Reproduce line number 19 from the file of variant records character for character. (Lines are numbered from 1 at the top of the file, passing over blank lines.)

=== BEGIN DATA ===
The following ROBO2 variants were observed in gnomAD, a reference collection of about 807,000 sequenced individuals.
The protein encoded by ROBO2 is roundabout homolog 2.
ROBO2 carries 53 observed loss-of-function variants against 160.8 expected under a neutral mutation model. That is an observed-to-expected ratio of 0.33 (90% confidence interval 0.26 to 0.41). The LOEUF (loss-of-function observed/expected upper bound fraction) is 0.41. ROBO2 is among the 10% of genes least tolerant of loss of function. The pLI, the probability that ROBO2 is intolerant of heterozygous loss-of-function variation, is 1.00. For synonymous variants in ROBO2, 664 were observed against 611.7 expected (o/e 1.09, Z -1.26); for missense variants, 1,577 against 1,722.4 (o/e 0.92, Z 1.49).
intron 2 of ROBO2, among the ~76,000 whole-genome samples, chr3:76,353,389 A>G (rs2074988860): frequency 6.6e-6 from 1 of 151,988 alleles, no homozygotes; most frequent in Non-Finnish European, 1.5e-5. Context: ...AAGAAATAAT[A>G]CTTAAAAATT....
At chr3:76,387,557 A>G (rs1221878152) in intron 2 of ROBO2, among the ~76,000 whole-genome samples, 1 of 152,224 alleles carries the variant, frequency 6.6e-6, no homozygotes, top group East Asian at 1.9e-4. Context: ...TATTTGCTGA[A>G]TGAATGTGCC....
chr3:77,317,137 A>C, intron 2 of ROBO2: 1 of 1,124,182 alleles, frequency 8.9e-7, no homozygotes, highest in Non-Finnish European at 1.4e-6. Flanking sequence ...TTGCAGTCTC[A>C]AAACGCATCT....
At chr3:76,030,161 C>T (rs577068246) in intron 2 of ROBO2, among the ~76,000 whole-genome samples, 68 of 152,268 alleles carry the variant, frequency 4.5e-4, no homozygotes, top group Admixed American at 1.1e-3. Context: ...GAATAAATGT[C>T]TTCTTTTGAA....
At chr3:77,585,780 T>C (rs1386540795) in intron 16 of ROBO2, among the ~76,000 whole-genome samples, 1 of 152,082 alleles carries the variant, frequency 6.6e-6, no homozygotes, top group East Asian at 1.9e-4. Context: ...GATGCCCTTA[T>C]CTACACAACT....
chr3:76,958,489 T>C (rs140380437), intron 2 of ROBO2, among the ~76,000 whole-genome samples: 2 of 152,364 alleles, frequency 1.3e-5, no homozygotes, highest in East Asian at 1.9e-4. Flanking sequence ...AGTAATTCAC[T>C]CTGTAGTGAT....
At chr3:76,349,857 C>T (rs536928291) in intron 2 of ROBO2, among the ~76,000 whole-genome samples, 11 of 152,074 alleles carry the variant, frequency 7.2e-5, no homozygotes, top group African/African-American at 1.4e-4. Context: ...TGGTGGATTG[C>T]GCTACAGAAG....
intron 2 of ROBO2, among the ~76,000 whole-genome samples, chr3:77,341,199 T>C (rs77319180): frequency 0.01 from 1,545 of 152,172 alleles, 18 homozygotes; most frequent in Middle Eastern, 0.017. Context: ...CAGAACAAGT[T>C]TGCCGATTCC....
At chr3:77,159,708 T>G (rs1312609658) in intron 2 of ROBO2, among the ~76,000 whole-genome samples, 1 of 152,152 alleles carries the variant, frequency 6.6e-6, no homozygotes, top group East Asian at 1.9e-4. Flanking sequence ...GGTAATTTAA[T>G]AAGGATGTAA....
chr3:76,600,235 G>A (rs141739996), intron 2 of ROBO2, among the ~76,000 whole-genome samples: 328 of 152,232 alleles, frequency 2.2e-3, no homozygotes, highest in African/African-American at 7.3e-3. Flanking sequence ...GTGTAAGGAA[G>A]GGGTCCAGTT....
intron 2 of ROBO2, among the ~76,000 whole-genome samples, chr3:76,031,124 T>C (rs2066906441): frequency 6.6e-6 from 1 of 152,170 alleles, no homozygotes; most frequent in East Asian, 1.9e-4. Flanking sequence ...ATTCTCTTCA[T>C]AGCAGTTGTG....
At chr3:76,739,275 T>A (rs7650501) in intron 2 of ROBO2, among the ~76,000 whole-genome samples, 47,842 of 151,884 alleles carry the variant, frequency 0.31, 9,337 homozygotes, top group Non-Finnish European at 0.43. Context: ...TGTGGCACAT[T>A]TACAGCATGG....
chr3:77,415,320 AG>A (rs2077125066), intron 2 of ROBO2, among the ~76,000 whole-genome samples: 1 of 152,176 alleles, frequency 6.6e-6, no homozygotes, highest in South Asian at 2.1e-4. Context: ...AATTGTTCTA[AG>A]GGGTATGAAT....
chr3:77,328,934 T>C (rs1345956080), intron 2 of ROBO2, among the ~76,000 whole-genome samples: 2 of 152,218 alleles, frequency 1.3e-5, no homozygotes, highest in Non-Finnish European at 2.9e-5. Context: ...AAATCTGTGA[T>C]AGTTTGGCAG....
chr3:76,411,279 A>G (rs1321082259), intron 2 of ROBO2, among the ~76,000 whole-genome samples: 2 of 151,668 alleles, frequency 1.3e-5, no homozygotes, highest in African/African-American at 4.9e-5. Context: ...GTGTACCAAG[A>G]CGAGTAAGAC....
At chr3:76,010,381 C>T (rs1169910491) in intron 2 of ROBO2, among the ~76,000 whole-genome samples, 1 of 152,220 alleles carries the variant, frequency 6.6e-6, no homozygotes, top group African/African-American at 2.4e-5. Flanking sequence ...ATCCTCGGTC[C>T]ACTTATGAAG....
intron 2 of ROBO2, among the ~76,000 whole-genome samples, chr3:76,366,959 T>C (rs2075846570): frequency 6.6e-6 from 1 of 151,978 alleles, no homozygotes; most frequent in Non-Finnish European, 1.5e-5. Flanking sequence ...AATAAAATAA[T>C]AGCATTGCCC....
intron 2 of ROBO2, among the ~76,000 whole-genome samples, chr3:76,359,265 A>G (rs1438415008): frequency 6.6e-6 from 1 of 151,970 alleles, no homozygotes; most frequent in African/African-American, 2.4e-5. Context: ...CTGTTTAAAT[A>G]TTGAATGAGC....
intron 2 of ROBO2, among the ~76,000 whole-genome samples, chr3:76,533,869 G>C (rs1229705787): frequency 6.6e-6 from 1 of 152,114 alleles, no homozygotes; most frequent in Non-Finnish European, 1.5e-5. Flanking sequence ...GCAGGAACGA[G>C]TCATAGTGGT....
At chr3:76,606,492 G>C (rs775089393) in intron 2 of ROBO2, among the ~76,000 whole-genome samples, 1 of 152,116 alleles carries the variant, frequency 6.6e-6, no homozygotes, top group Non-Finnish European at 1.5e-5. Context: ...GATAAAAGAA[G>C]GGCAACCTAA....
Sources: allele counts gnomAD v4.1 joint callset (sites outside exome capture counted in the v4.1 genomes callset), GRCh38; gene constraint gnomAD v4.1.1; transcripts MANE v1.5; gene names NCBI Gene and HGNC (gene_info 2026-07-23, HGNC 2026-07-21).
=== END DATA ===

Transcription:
At chr3:76,010,381 C>T (rs1169910491) in intron 2 of ROBO2, among the ~76,000 whole-genome samples, 1 of 152,220 alleles carries the variant, frequency 6.6e-6, no homozygotes, top group African/African-American at 2.4e-5. Flanking sequence ...ATCCTCGGTC[C>T]ACTTATGAAG....